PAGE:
Trustees of Reservations to Screen Award-Winning Documentary Film:
Marion Stoddart: The Work of 1000

Stoddart to Speak on 50 Years of Environmental Advocacy;
Local Environmental Leaders to Participate in Q&A Session

Marion Stoddart: The Work of 1000 (film poster)Pepperell, MA-The Trustees of Reservations will host a program featuring the documentary film Marion Stoddart: The Work of 1000  and a panel discussion with Holyoke environmental leaders at the Wistariahurst Museum at 238 Cabot Street in Holyoke on Thursday,  January 10, from 6:30-8:30PM.   The event is free and open to the general public.

This award-winning documentary tells the inspiring story of how Stoddart, a self-described ordinary woman from Groton, MA, was able to accomplish the extraordinary in mobilizing the clean-up of the Nashua River. The Nashua River, which flows through north central Massachusetts and southern New Hampshire, was once one of the 10 most-polluted rivers in America.

Starting in 1962, Stoddart successfully lobbied for legislation, including the Massachusetts Clean Waters Act. Continuing that record of success, she petitioned the federal government for millions of dollars of promised funds to fight the pollution--and won. In 1969, she founded the Nashua River Watershed Association.

After the film screens, Stoddart will share some leadership lessons she learned as a result of her 50 years of experience as a grassroots advocate. The discussion panel following the film will include Holyoke Conservation Director Andrew Smith, Diego Angarita from Nuestras Raices, and Liz Budd from the Holyoke Urban Bike Shop.

“We are excited to host this event with Marion because she is truly a pioneer of the environmental advocacy movement and a role model for successful civic engagement,” says Ellie Lobovits, Holyoke Education Coordinator for the Trustees. “Here in Holyoke the river is a huge resource,  so it will also be great to hear from local community leaders about how to protect it,” added Lobovits.

This program is a great opportunity for Holyoke community members, youth and adults alike, to learn about how to organize and advocate for the Connecticut River, which was just recently named the first National Blueway (  The river is used for a variety of recreational activities, including boating and fishing, and is an important ecological resource, providing habitat for numerous species, including bald eagles.  The panel will also discuss clean air, tree-planting, and other issues about natural resources in Holyoke.  Come and get inspired to make change in your city!

About The Trustees of Reservations
Founded in 1891, The Trustees of Reservations is the nation’s oldest regional land trust and Massachusetts’ largest non-profit conservation organization.  The organization’s mission is to hold in “trust” and “preserve, for public use and enjoyment, “reservations”, or properties, of exceptional scenic, historic, and ecological value in Massachusetts.”  

For over 120 years, The Trustees have worked to conserve the natural, cultural and scenic character that makes Massachusetts’ landscapes and communities unique.  The Trustees own and manage 107 properties, totaling more than 27,000 acres, serve more than one million visitors each year. Supported by over 100,000 member families, generous donors and over 1,500 volunteers annually, The Trustees work to foster healthy, active, and green communities, with a new emphasis on encouraging sustainable, local agriculture and community gardens throughout Massachusetts.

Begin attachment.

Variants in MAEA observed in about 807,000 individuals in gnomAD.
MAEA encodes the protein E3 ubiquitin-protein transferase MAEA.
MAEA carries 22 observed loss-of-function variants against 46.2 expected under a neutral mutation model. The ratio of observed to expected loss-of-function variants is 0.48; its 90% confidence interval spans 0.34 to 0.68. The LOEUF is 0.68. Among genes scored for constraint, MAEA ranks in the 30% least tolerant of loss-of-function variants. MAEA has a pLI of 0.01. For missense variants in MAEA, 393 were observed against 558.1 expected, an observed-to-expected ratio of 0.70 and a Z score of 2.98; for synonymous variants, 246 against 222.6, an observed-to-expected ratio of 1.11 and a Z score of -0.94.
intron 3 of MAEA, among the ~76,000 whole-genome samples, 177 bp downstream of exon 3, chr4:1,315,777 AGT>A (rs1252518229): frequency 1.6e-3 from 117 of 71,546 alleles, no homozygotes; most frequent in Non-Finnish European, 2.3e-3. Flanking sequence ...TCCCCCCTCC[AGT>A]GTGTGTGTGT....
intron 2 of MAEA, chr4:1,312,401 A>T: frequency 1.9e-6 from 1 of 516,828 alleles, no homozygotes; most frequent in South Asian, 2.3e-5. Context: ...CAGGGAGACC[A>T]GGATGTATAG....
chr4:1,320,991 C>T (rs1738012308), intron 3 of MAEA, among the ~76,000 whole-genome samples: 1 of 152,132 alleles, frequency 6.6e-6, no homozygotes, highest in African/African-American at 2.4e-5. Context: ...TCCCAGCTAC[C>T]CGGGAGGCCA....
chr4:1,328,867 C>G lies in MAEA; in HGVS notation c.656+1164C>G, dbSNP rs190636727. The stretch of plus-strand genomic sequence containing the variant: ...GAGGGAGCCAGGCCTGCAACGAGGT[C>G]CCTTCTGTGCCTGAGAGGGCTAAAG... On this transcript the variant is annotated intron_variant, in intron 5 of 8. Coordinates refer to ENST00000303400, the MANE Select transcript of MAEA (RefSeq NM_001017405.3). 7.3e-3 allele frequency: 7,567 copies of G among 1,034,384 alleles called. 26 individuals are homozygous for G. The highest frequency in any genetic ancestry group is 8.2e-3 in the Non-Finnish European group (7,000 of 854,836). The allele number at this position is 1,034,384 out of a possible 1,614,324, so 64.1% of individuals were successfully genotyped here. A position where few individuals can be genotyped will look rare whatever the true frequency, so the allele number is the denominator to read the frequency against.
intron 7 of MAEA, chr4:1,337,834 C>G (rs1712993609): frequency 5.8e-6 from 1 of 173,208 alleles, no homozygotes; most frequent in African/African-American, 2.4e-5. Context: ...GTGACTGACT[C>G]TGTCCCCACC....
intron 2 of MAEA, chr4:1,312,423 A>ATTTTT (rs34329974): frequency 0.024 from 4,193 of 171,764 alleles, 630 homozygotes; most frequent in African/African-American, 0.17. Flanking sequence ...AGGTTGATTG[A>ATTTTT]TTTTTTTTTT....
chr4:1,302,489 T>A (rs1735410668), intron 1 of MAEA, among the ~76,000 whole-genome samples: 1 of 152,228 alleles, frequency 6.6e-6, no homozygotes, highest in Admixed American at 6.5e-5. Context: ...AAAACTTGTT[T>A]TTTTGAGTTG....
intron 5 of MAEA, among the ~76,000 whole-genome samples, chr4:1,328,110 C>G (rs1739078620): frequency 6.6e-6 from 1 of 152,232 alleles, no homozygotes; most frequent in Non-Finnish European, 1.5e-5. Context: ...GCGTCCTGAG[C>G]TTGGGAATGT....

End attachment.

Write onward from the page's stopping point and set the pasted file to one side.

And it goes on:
Recognition for Stoddart and the Film In recognition of her work, Marion Stoddart has received many awards including the United Nations Environmental Programme’s Global 500 Award (1987). She was also profiled in National Geographic (1995) and in an award-winning children’s book, A River Ran Wild by Lynne Cherry; she was a National Women’s History Project Honoree as “One of the Women Taking the Lead to Save our Planet” (2009); she has published an essay in Written In Water by the National Geographic Society (2010); and she received the Children's Planet Protector Award from Boston-based 'e' inc., Environmental Science and Learning Center (2012).

The documentary film has garnered praise around the world, including Best Short Film at the Reel Earth Environmental Film Festival in New Zealand; Best Documentary Short at the Rivers’ Edge Festival in Paducah, KY; AT&T Award for Environmental Conservation and Stewardship; Projecting Change Award in Vancouver Canada; Speak Out Award at the 44th Annual Humbolt Film Festival, Arcata, CA; Best Call to Action Film at the Green Screen Environmental Film Festival, Venice, CA.

The film has also been named an Official Selection in the following film festivals: 2012 Wild & Scenic Film Festival, Nevada City, CA; Berkshire International Film Festival; Brattleboro International Women’s Film Festival; Citizen Jane Festival; Cine Montana; Bend Film Fest; Los Angeles International Film Festival; Voices From the Waters International Film Festival, Bangalore, India; POW Fest, Portland, OR; and the Sedona International Film Festival, Sedona, AZ.

About the Work of 1000 Civic Engagement Program Marion Stoddart’s campaign to clean up the Nashua River shows us that determined individuals can make real and lasting change. The Work of 1000 Civic Engagement Program shares her compelling story, passion, and process–via film and discussion—to empower others to act. Marion made a difference. So can you. To learn more about the film and how you can screen it in your community, visit